Suddenly, he glanced up. The Wizard was looking at him. "Yes, Sir." said Oz, without knowing way, and sat down quietly.

"Today," said the Wizard "we've had enough of complex vector spaces. It's time to do something a bit more exciting -- vector spaces with orthogonal and symplectic structures!

An orthogonal structure is like an inner product. However, it's not like the complex inner product, it's like the ordinary real inner product. So, it's best not to call it "inner product" at all but something like "metric" instead. Of course, you can call it "orthogonal structure", but that's a tad wordy -- plus, nobody knows what it means.

A metric is a way to combine 2 vectors into a single scalar. So, we know how to draw it in a diagram:

| | | | V v v V \ / \_______/A lot like the cup, except that there are no dual spaces in sight.

Now, a metric has some requirements on it. First, it must be symmetric. In other words, we consider this twisted version of the cup:

| | | | V v v V \ / \ / / / \ / \ V v v V \ / \_/and say that this has to equal the untwisted cup. So, you see that when you put 2 vectors into the metric, it doesn't matter what order you place them in.

The other requirement on the metric is that it is nondegenerate. What does this mean? Well, consider this creature:

| | | V v _______ | / \ | / \ | V v | \ / | \_______/ | V ^ | | |This has the metric down below on the left side and the usual cap up above on the right side. Overall, it's a map from V to V*, called "#", or "sharp". We can abbreviate # like this:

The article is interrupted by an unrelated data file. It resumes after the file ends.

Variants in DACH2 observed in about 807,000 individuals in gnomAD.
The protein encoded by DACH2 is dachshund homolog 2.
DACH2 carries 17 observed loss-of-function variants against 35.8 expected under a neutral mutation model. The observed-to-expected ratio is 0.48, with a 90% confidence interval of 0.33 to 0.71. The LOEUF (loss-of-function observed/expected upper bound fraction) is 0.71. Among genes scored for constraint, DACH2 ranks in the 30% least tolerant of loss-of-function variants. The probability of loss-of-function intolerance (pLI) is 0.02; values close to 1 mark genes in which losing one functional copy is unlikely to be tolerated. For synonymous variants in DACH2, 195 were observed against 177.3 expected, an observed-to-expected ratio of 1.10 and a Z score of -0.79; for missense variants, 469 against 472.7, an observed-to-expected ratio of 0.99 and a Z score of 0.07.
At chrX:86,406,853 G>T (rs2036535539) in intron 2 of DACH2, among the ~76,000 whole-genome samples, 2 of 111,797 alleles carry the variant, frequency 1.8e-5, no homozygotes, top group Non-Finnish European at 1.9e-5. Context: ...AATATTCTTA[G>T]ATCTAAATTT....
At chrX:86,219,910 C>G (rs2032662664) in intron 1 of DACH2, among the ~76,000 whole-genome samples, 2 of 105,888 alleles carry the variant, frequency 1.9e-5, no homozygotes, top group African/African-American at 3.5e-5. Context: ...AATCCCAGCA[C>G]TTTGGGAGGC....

| | V v | | V ^ | |which you get just by pulling the definition of # straight.

When I say that the metric is nondegenerate, what I mean is that # is an *isomorphism*. What does it mean for the map # to be an isomorphism? Well, since all are maps are linear, all there is to it is that # has an inverse; the inverse of # is called "b", or -- Hang on, wait a minute, let me try that again. The inverse of # is called "b" -- I mean, "b" -- Darn it!" exclaimed the Wizard, shaking his wand vigorously, "I can't seem to get that stupid flat to come out right; it just keeps looking like a lowercase letter "B"! I must have forgotten to install all the fonts on my wand. Anyway, the inverse of sharp is called "flat".

b -- I mean, flat -- is drawn like this:

| | V ^ | | V v | |So, to say that # and b are inverses is to say that

| | | | V ^ | | | | | V v = ^ V | | | | V ^ | | | | |and